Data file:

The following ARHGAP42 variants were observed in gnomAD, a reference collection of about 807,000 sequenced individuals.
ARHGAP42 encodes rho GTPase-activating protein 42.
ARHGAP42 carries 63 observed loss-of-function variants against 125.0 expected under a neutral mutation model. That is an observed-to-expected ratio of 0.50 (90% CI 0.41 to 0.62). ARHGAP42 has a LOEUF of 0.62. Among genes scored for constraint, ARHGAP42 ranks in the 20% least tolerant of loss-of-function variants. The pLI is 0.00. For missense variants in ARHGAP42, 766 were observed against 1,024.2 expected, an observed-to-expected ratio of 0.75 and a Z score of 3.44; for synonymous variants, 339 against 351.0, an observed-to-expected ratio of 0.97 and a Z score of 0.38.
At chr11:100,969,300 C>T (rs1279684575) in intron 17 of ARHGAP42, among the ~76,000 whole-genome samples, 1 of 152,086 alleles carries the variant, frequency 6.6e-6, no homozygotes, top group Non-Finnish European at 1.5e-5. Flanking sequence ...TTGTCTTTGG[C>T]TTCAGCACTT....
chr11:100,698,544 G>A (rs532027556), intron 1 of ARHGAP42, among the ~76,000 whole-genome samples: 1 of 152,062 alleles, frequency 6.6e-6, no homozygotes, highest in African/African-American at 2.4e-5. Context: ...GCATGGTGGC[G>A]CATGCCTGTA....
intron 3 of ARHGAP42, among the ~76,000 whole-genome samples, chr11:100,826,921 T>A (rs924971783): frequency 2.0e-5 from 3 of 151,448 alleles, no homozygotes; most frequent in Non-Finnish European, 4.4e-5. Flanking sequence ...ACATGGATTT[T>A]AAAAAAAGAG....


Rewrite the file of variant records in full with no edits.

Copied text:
The following ARHGAP42 variants were observed in gnomAD, a reference collection of about 807,000 sequenced individuals.
ARHGAP42 encodes rho GTPase-activating protein 42.
ARHGAP42 carries 63 observed loss-of-function variants against 125.0 expected under a neutral mutation model. That is an observed-to-expected ratio of 0.50 (90% CI 0.41 to 0.62). ARHGAP42 has a LOEUF of 0.62. Among genes scored for constraint, ARHGAP42 ranks in the 20% least tolerant of loss-of-function variants. The pLI is 0.00. For missense variants in ARHGAP42, 766 were observed against 1,024.2 expected, an observed-to-expected ratio of 0.75 and a Z score of 3.44; for synonymous variants, 339 against 351.0, an observed-to-expected ratio of 0.97 and a Z score of 0.38.
At chr11:100,969,300 C>T (rs1279684575) in intron 17 of ARHGAP42, among the ~76,000 whole-genome samples, 1 of 152,086 alleles carries the variant, frequency 6.6e-6, no homozygotes, top group Non-Finnish European at 1.5e-5. Flanking sequence ...TTGTCTTTGG[C>T]TTCAGCACTT....
chr11:100,698,544 G>A (rs532027556), intron 1 of ARHGAP42, among the ~76,000 whole-genome samples: 1 of 152,062 alleles, frequency 6.6e-6, no homozygotes, highest in African/African-American at 2.4e-5. Context: ...GCATGGTGGC[G>A]CATGCCTGTA....
intron 3 of ARHGAP42, among the ~76,000 whole-genome samples, chr11:100,826,921 T>A (rs924971783): frequency 2.0e-5 from 3 of 151,448 alleles, no homozygotes; most frequent in Non-Finnish European, 4.4e-5. Flanking sequence ...ACATGGATTT[T>A]AAAAAAAGAG....